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Hawaiian language immersion adoption of an innovation: A case study

, University of Hawai'i at Manoa, United States

Doctor of Philosophy, University of Hawai'i at Manoa . Awarded


This is a story about some Native Hawaiian people written by Native Hawaiian people of the Papahana Kaiapuni, or the Hawaiian Language Immersion Program (HLIP) of the Hawai`i public schools. Together they “talk story” and become the voice for the HLIP by painting a picture of their past, present, and future experiences with technology. This study was undertaken to investigate the possibilities technology has opened in sustaining the HLIP and in transmitting the Hawaiian language and culture to a new generation of digital learners as seen through the stories of its teachers and past students.

The participants described the world through the lens of their language and culture. The purpose of this narrative inquiry case study is to investigate how teachers’ attitudes towards technology and prior experiences affected their use of technology in the classroom, any concerns the teachers have, and how to better support cultural change in the Hawaiian Language Immersion Program. The study investigates teachers’ experiences, similarities and differences, and suggestions for technology implementation to support 21 Century skills. The broad frameworks that underlie this study are change theory (Fullan, 2006; Hall, 2010; Dass 2001), culture–based education (Kana`iaupuni & Kawai`ae`a, 2008); and technology use in language regeneration (Hartle-Schutte & Nae'ole-Wong, 2000, Warschauer & Donaghy, 1997).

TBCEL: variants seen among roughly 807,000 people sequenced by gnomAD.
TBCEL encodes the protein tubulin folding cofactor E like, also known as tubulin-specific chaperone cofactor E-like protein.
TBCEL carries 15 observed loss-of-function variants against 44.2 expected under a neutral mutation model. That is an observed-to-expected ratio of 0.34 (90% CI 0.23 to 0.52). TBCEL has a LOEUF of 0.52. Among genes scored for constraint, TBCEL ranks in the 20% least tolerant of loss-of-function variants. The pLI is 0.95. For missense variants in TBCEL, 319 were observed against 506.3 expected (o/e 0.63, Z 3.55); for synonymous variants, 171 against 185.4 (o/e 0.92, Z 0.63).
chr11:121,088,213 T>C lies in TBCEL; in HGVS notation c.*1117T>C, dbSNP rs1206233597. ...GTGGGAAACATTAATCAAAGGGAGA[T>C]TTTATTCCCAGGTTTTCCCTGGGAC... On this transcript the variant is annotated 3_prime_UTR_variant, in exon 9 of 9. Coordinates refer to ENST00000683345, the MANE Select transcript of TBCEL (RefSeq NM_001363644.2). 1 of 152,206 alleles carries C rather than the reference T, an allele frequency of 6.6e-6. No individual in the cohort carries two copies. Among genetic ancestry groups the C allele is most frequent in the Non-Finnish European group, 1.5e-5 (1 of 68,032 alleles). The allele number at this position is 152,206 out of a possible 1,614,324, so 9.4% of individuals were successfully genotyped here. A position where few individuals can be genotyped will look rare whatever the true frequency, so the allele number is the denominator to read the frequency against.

“Ua `ākoakoa mākou no ka huliau `ana, we gathered together to recall the past” (Pūku`i, n.d).


Yong, D.L. Hawaiian language immersion adoption of an innovation: A case study. Doctor of Philosophy thesis, University of Hawai'i at Manoa. Retrieved October 18, 2019 from .

This record was imported from ProQuest on October 22, 2013. [Original Record]

Citation reproduced with permission of ProQuest LLC.

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